Now you may have noticed that there is one book which breaks the trend slightly and that is ‘Middlemarch’. Which leads me to a little announcement, and I hope those of you joining in with Classically Challenged won’t be cross, as I have decided to postpone writing about it on the last Sunday of March and am moving it to the end of June. I know, I know, June is ages away. However after some thought, and having only got eight chapters in so far, I decided I don’t want to rush this read (and I am enjoying it so far) because of a deadline and with a fairly long trip to London next week, plus a literary festival to prepare and read for, oh and those solo podcasts too… you get the picture. I simply want to enjoy ‘Middlemarch’.

So what do you make of the list? Which have you read and which have you been meaning to? Let me know and I promise I will be back next week, well tomorrow, catching up on all the comments that I have been meaning to for ages. In the meantime there are things to unwrap, candles to blow out, cake to eat and some serious applying of anti-aging cream to be done!


Filed under 40 Before 40, Random Savidgeness

Packing in the Classics

After the weekend with the homophobic and verbally abusive neighbour from hell, which I might share with you at some point though as the police are involved am not sure if I am allowed, I then had the joys of babysitting my 4 year old twin cousins before coming to Grans where I will be staying for a while. It has already been a whirlwind with a big hospital visit today and then I needed to go out and do some chores and shopping so while I have dinner on and she is gripped by Strictly It Takes Two (don’t ask) I thought I would finally share a post on the books I have packed for this stay, and as you will see I have gone for some classics of all era’s…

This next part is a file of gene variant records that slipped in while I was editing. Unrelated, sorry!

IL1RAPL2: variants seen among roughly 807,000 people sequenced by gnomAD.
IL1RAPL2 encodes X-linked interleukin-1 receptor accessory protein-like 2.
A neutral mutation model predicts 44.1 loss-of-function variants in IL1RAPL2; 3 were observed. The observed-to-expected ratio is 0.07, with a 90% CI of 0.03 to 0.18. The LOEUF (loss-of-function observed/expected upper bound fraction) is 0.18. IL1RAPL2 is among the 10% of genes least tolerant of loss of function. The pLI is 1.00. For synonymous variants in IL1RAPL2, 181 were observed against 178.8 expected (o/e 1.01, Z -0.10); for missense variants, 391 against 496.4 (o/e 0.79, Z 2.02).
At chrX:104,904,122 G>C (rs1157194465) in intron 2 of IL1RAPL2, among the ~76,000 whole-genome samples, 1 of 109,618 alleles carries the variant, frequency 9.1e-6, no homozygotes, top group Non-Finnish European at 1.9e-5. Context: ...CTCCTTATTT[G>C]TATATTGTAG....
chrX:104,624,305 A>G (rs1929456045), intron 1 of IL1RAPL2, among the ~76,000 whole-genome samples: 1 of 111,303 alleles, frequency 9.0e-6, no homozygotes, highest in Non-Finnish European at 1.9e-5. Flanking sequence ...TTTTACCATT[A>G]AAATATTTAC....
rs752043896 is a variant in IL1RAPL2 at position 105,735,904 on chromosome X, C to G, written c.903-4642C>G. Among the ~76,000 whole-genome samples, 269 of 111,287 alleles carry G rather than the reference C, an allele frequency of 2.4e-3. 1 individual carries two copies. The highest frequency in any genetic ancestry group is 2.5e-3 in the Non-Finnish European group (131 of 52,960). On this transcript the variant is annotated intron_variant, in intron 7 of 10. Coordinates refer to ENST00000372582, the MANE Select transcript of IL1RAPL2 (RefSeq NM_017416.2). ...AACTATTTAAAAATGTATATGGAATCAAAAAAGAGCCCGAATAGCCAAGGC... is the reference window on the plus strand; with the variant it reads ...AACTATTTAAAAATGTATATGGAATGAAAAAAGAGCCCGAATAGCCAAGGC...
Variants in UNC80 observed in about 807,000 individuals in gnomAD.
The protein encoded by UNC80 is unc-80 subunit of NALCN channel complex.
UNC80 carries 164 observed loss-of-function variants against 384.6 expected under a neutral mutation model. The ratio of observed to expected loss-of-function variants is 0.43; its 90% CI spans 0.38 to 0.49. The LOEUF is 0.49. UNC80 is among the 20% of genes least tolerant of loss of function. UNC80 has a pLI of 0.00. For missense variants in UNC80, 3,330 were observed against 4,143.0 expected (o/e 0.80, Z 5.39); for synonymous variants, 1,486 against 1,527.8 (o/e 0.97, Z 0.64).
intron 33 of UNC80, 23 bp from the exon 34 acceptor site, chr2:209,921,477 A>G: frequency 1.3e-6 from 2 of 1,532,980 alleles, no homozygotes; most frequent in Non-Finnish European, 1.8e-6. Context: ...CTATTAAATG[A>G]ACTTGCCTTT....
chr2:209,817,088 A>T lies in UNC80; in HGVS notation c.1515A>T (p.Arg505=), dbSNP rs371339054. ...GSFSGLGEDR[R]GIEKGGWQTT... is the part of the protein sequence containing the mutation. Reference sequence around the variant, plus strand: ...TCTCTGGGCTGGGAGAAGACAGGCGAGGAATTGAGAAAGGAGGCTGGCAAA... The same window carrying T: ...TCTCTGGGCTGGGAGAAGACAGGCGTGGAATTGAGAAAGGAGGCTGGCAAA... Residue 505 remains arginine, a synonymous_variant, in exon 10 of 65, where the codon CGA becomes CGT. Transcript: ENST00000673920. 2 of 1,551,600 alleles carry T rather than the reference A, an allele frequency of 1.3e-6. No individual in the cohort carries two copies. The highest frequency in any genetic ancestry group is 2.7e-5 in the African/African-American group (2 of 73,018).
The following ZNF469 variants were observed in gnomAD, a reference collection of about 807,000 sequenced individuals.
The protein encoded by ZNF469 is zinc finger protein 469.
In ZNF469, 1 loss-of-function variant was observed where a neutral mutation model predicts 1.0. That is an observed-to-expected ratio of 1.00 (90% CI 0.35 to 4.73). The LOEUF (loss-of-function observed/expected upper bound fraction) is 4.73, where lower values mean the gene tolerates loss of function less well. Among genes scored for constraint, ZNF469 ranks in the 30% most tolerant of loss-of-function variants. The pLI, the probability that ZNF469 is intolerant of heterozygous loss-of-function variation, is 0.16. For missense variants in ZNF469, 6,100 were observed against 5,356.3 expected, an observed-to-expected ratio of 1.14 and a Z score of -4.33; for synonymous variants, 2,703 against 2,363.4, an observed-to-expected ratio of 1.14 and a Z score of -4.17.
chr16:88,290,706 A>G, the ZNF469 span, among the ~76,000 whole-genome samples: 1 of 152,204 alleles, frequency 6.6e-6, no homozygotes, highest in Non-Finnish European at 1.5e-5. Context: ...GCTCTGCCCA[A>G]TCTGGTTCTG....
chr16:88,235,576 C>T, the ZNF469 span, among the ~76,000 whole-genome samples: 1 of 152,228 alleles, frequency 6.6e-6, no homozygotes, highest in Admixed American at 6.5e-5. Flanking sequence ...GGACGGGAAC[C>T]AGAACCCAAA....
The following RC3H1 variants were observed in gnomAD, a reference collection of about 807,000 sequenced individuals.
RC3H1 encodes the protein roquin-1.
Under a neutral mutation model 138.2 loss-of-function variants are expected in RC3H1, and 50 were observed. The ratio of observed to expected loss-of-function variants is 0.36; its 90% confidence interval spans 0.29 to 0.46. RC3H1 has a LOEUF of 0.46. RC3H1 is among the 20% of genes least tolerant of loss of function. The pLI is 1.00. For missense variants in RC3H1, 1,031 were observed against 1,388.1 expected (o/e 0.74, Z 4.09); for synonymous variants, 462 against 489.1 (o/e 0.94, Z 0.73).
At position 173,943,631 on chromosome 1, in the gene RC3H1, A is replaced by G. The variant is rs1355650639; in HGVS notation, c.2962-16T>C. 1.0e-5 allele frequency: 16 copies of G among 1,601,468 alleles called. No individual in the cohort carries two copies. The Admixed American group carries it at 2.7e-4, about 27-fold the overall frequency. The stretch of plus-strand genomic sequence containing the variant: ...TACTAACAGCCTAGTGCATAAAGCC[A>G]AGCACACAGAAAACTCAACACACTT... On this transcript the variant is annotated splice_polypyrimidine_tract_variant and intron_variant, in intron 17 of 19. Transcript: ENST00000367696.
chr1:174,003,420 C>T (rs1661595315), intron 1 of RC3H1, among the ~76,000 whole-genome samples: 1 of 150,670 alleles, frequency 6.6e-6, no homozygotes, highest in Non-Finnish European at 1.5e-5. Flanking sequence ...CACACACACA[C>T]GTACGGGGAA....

Packing in the Classics

I have been thinking about my reading habits and I do seem to spend a lot of time reading those shiny new books. This is no bad thing of course yet I do think this means that I tend to miss out on the classics, be they modern or canon, and I want to address that and so I thought that this trip might just be the time and so I smuggled, well shoved, this five motley crew of a selection.

‘The Adventures of Sherlock Holmes’ by Sir Arthur Conan Doyle is a series I have read but these I have brought as comfortable tales I can revisit, also (most importantly and meaning these will be my main reading fodder) they can be read in random sittings when I am not rushing around. The others however are just books I have meant to get on and read for a while. ‘Madame Bovary’ because both Polly of Novel Insights and Gran herself have both said that it has ‘a real bitch in it who you might really like’; I am taking that as a compliment of sorts. John Wyndham is an author I have always wanted to try and ‘The Chrysalids’ is meant to be very accessible and has an apocalyptic theme which might stand me in good stead if everything kicks off in a few weeks on the 21st ha, ha. ‘Miss Smilia’s Feeling for Snow’ by Peter Hoeg sounds like a literary crime thriller that I would love and some say is the first Scandinavian crime, lovely stuff – I am craving crime at the moment. Finally there is the one I am most nervous about ‘Great Expectations’ by a certain unknown author called Charles Dickens. In fact I think I want to move on swiftly or the worry might start…

Anyway I wondered what older classics, modern or properly olde, you have been meaning to read or revisit of late and why, and if you too ever feel like you end up reading more new books than old or the other way round?


Filed under Random Savidgeness